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An Airstream Brings Clarity

  
  
  

February 28, 2011 | by Becky Blanton

Not everyone buys an Airstream because the siren song of full-time nomadic living has called them. Some people consider an Airstream an investment in simplicity—a way to shed the weight of conventional living in favor of a more simplified life. Deke and Tiffani Waters are two such people. The two worked at the same company: Tiffani was in human resources, Deke was a computer game producer she recruited. Over time they got to know each other, and eventually married, and that is when their journey to simplicity truly began. 

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Opposites attract, and the spark of their different lifestyles may have played a role in their initial vision of what constituted happiness, Deke admitted. “I’ve always lived a pretty simple lifestyle,” Tiffani said. “And I’ve always been a huge consumer. Loved my toys,” Deke said. He admitted he had expensive tastes and was a major consumer of anything electronic. “When I moved into Tiffani’s apartment after we got married I think the electric bill quadrupled,” he said.

Tiffani’s 600-square foot, one bedroom apartment proved too small for two adults—one with an addiction to electronics and computers, plus their dog, and their combined furniture, books and clothes. They did what any young married couple did: they went out and bought a larger condo, 2.5 bedrooms, to hold all their stuff. Then they continued to do what many married couples in their early 30s do—accumulate more stuff in pursuit of happiness.

“We were both working and doing our thing,” Deke said, “And then we took a vacation and everything changed.” In 2009 they took a trip to a little island off the Yucatan Peninsula called Isla Holbox. They spent a week without phones, work, office pressures and stress. In the place of stress they found people who “exuded fulfilled lives.”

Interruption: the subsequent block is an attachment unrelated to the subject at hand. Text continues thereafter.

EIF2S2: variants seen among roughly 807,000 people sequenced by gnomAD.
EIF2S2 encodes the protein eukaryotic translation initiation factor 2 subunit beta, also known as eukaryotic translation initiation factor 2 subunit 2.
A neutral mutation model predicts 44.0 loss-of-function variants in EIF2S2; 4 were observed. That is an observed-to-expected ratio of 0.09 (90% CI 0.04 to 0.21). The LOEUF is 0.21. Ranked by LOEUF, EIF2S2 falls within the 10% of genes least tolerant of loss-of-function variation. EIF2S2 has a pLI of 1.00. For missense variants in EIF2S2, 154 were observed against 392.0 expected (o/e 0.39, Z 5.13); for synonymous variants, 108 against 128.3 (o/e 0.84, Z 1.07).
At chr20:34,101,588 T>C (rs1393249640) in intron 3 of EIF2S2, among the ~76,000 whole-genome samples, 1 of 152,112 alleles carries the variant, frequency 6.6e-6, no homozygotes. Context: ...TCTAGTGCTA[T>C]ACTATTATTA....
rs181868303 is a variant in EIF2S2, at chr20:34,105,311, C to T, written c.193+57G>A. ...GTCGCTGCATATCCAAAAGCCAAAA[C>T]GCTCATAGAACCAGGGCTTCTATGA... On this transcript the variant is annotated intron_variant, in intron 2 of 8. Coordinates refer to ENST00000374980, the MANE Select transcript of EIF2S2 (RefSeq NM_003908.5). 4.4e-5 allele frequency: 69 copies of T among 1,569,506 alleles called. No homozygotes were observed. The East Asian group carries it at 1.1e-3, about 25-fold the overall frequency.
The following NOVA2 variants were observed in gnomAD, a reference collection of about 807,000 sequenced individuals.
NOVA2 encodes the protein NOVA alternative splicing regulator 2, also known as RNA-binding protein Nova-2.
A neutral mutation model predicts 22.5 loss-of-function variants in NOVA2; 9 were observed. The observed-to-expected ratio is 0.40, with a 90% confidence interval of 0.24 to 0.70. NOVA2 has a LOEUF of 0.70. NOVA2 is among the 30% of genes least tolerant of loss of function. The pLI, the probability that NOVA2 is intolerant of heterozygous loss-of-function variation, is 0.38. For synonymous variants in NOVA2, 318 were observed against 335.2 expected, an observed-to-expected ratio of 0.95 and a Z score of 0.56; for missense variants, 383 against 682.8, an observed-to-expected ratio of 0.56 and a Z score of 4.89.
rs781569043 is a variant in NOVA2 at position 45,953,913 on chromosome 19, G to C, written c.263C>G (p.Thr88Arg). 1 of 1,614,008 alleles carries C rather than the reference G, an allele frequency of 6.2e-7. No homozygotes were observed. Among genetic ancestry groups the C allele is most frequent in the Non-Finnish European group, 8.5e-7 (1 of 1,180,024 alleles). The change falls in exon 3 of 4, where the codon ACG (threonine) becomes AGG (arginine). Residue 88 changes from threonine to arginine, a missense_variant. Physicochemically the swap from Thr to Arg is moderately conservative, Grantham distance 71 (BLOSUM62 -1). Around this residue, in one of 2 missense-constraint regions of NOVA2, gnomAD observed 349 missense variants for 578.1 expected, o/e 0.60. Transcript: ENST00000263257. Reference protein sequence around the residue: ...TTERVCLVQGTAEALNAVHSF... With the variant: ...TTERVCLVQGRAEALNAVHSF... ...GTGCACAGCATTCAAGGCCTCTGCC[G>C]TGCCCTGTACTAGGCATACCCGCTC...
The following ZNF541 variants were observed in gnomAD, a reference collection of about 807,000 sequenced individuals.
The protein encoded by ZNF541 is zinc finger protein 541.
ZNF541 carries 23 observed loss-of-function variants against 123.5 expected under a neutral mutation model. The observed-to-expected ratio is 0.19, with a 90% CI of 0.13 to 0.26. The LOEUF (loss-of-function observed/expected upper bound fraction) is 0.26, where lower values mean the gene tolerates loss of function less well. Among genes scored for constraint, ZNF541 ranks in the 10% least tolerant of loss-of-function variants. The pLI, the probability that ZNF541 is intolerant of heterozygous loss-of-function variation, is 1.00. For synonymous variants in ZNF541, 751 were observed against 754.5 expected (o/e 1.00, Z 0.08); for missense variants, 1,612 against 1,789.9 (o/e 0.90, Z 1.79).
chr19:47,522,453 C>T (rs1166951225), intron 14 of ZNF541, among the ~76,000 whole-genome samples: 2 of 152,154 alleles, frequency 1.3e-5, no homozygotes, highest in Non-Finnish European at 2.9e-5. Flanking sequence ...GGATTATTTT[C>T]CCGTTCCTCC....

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“It was great,” Tiffani said. “We just fell in love with the simplicity.” She had always loved simplicity, but as a couple they’d never experienced such happiness in just being together, being with friends and seeing the possibilities of a life different than what they were living.

“I couldn’t believe how many of the people we met were truly happy, I mean soulfully content. And they weren’t living anything like we were in Chicago. We talked about it on the way home and decided then to simplify our lives,” Deke said. “For the first time, my wife and I clearly saw what’s possible when you find a way to follow your passion and do exactly what you love all day, every day.”

Once they got home they created a 5-year plan for their lives, along with a list of “must haves,” for the relationship.

  • We want to spend more quality time with each other.

  • We want to travel and experience more.

  • We want enough money to afford the lifestyle that makes us most content.

  • We want to work less for other people, more for ourselves.

  • We want to enjoy our waking hours, not dread them.

  • We want to leave a small environmental footprint on the places we live and visit.

They also wanted to travel. So they decided an Airstream was the best solution to living and working the dream life. They already owned a 22’ Airstream and considered living in it full-time, but decided to upgrade to a new 27-foot Airstream CCD.

While the two waited on delivery of their new trailer they began the big purge of their condo. A lifelong consumer, Deke admitted that he was a “stuff collector,” and had brought his materialism into the marriage. “We realized we were just collecting a lot of material things and we didn’t need them. They weren’t what was really important to us,” Deke said. “The mortgage, car payments, furniture, books, clothes—everything added up to more stuff.”

For the next year they sold everything they could and gave away what they couldn’t sell. They rented their condo and have begun moving to their new Airstream, at an RV park in Texas. Even with their life in boxes and more things to do before the big move, they’re still excited about their adventure.

To help make it easier for others who want to simplify as well, the couple started a blog (at weaselmouth.com) about the process: where to sell things, how to purge, and life as full-timers working full-time jobs while living in a mostly permanent location.

 

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